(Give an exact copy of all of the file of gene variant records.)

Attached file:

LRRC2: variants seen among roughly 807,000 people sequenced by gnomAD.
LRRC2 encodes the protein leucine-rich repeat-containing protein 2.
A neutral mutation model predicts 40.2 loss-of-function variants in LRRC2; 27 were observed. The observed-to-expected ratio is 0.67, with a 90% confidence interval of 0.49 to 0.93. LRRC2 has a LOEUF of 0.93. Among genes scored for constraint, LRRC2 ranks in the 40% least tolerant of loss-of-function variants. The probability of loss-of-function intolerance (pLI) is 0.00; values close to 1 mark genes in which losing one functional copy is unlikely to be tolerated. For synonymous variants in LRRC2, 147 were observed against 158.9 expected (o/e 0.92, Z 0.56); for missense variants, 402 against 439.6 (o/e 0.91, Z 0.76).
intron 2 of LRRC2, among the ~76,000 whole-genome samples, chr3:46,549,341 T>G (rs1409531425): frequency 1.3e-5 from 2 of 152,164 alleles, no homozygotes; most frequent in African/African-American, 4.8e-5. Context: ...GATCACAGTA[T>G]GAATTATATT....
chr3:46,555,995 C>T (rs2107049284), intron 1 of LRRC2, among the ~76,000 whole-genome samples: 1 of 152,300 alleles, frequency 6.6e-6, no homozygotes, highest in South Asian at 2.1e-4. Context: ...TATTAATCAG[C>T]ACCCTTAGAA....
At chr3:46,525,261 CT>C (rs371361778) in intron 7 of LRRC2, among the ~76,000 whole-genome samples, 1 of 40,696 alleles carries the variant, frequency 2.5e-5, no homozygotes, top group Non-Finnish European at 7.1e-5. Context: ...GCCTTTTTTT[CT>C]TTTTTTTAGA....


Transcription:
LRRC2: variants seen among roughly 807,000 people sequenced by gnomAD.
LRRC2 encodes the protein leucine-rich repeat-containing protein 2.
A neutral mutation model predicts 40.2 loss-of-function variants in LRRC2; 27 were observed. The observed-to-expected ratio is 0.67, with a 90% confidence interval of 0.49 to 0.93. LRRC2 has a LOEUF of 0.93. Among genes scored for constraint, LRRC2 ranks in the 40% least tolerant of loss-of-function variants. The probability of loss-of-function intolerance (pLI) is 0.00; values close to 1 mark genes in which losing one functional copy is unlikely to be tolerated. For synonymous variants in LRRC2, 147 were observed against 158.9 expected (o/e 0.92, Z 0.56); for missense variants, 402 against 439.6 (o/e 0.91, Z 0.76).
intron 2 of LRRC2, among the ~76,000 whole-genome samples, chr3:46,549,341 T>G (rs1409531425): frequency 1.3e-5 from 2 of 152,164 alleles, no homozygotes; most frequent in African/African-American, 4.8e-5. Context: ...GATCACAGTA[T>G]GAATTATATT....
chr3:46,555,995 C>T (rs2107049284), intron 1 of LRRC2, among the ~76,000 whole-genome samples: 1 of 152,300 alleles, frequency 6.6e-6, no homozygotes, highest in South Asian at 2.1e-4. Context: ...TATTAATCAG[C>T]ACCCTTAGAA....
At chr3:46,525,261 CT>C (rs371361778) in intron 7 of LRRC2, among the ~76,000 whole-genome samples, 1 of 40,696 alleles carries the variant, frequency 2.5e-5, no homozygotes, top group Non-Finnish European at 7.1e-5. Context: ...GCCTTTTTTT[CT>C]TTTTTTTAGA....